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Jewett on Roman churches meeting in crowded tenement buildings (insula)

Jewett’s Romans commentary assumes that Christians met in these dilapidated apartment buildings (insula), largely based upon the names mentioned in ch. 16 of Romans. I have my reservations about this. For one thing, Jewett uses Willy Rordorf’s article “Was wissen wir über die christlichen Goettesdiensträme der vorkonstantinischen Zeit?” ZNW 55 (1964) 110-28, as supporting his argument.  Rordorf points first a private house in Dura-Europos that the early Christians converted into a church, as shown by the archelogical remnants of House church in Dura-Europos from the early 3rd century (see this link).  Then, he writes: 

In Rom bieten uns die erhaltenen Reste der im Liber Pontificalis bezeugten Titularkirchen (z.B. S. Clemente und Sta. Anastasia, der titulus Equiti und Bizntis) dasselbe Bild [as the house church in Dura-Europos] : es handelt sich einfach um Privathäuser, in denen sich die christliche Gemeinde zum Gottesdienst versammelte, ohne dass sich diese Häuser im geringsten von anderen römischen Privathäusern jener Zeit underscheiden würden. (Gewöhnlich sind es hier Häuser mit mehreren Stockwerken.)

In Rome, the extant remains of Titular Churches testified to in the Liber Pontificalis (for example St. Clement and St. Anastasia, of titulus Equiti and Bizntis) offer us the same picture:  it consists simply of Private Houses, in which the Christian community assembled for divine services, houses that would not differ in the slightest from other Roman private houses of that time (usually it was the case here of houses with several stories.) [trans. mine]

Yet Jewett wrote:

A number of earlier experts suggested the likelihood that even if Prisca and Aquila’s church met in their private apartment, it was probably in a tenement building. [supported by note 427] Willi [sic] Rordorf noted the evidence of ecclesiastical use of insula buildings on the basis of excavations of the later title churches in Rome …

He uses Rordorf to support his contention of crowded tenement churches (insula), and yet Rordorf assumes the same situation for the local house churches in Rome, private homes, as elsewhere in the Roman world.  Later, Rordorf suggests that these private homes had varied architectural structure–as churches met in private homes rather than in houses built for such use and that private homes used as churches were made up of all kinds of varieties.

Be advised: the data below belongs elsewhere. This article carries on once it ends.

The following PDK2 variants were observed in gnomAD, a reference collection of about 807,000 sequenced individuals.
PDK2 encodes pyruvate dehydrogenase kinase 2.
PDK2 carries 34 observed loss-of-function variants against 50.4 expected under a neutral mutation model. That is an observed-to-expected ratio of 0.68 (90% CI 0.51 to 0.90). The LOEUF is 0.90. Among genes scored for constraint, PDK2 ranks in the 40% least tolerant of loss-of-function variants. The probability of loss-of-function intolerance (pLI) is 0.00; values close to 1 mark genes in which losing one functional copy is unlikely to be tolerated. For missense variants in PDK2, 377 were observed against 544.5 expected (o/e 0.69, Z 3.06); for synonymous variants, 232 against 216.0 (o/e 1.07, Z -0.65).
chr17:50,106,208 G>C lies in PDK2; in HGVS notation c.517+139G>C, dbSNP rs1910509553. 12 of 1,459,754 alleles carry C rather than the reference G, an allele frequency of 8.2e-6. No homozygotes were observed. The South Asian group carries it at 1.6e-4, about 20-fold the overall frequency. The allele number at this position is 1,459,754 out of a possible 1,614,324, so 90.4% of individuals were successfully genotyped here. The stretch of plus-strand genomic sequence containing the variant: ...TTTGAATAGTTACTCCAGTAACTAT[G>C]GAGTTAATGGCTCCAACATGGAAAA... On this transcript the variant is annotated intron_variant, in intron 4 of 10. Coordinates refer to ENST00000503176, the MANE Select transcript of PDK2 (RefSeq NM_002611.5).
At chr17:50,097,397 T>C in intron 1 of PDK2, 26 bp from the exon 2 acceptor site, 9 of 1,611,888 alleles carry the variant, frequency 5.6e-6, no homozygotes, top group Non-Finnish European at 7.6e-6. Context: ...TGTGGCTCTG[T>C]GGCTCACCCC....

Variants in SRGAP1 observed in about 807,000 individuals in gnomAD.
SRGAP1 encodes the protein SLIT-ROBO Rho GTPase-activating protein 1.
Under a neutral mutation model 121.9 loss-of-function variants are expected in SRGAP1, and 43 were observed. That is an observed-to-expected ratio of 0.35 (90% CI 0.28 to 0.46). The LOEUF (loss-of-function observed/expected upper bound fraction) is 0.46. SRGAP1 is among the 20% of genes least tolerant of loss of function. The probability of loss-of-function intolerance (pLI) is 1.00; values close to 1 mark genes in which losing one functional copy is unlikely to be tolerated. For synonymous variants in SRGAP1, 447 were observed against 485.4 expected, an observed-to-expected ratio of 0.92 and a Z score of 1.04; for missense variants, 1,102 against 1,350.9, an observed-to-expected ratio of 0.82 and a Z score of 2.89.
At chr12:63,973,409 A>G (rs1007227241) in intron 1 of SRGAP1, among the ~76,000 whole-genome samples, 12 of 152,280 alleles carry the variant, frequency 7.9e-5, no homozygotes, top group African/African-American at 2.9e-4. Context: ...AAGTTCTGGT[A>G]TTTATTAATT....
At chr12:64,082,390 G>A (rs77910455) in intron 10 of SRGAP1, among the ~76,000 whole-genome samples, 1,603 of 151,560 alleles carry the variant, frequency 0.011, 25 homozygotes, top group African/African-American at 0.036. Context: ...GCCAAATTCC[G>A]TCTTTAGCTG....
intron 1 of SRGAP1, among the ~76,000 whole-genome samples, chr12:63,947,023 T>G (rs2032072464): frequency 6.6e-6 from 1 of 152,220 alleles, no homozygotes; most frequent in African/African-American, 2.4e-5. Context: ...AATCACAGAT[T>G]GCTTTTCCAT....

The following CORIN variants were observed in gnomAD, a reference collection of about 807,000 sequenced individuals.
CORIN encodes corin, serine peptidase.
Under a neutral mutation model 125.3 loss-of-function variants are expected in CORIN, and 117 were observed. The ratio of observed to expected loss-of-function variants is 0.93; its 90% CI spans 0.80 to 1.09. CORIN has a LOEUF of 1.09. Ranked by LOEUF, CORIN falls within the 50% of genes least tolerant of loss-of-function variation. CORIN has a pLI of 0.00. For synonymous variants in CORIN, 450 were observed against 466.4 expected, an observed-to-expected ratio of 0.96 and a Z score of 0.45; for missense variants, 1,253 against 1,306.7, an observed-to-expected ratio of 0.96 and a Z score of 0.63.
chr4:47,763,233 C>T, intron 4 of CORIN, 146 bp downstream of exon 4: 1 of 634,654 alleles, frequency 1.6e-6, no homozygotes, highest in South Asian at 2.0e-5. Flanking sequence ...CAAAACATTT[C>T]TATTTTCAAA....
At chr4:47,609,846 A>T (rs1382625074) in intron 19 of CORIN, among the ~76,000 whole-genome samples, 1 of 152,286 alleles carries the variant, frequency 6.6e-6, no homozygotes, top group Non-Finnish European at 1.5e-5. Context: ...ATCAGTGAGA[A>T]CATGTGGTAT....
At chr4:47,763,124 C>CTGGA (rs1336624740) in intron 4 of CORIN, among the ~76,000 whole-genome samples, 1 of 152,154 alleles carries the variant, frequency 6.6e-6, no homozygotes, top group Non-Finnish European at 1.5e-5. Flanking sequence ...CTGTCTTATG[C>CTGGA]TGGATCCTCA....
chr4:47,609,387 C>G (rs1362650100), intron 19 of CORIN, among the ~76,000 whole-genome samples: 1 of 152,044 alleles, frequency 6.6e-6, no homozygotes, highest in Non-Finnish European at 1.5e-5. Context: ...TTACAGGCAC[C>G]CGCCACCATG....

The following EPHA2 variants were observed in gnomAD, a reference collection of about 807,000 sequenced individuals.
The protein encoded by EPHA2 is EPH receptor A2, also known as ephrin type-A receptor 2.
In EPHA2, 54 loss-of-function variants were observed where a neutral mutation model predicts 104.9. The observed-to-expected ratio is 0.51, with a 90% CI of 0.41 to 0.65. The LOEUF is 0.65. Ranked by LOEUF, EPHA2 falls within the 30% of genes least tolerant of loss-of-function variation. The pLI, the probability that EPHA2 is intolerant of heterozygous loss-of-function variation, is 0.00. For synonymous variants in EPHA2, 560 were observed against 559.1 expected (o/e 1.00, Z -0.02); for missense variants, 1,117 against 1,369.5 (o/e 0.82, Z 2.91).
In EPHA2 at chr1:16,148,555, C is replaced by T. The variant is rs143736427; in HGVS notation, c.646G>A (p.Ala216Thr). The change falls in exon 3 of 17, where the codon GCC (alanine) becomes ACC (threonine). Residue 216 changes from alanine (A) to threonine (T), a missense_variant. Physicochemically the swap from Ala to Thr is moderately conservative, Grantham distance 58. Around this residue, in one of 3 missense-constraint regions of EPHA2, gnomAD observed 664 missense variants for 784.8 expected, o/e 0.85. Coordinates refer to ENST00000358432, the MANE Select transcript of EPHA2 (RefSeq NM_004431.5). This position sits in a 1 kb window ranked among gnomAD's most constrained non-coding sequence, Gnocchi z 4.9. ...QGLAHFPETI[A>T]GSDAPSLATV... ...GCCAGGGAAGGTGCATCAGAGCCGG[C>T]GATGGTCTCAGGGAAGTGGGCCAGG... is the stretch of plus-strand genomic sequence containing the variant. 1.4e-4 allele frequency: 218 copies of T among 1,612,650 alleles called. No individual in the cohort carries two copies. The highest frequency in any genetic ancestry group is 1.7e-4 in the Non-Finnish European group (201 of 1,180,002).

Now Jewett goes on to cite a couple more scholars (Petersen, Krautheimer),  who apparently share a view similar to Jewett’s, that the Titular churches were originally crowded tenment houses. Now I wonder if this is the case.  How would scholars determine if a house with several stories and many rooms was  devote to one domus (a private dwelling) or if it was an insula, a crowded tenement building rented out to many people?  It seems unlikely on the face of it that an insula would be a suitable meeting place for a church, which would need to block off larger rooms for the purpose of meeting–and perhaps have dedicated rooms for the various functions of a church.

Jewett’s (et al.) assumption appears to be that the domus was something different in architectural style than an insula.  If the Titular churches resembled an insula in physical structure, that does not mean that a domus, particular of people in that huge category between super wealthy and poor, would not also have a similar structure, and would later–after centuries of rebuilding on the same site–be indestinguishable from crowded tenement buildings (insula) even though it functioned as a domus.  For that matter, what would stop a weatlhy merchant (e.g., an Aquila with his wife Priscilla) from renting or purchasing an entire crowded tenement building and converting it to a domus then into a church?

I suspect that the attempt by Poser here is to find a means of changing the demographic of the early church to something more suitable to his agenda, rather than just simply admit that the domus, i.e. the household of the relatively rich and powerful, played a powerful and significant role in the primitive church.

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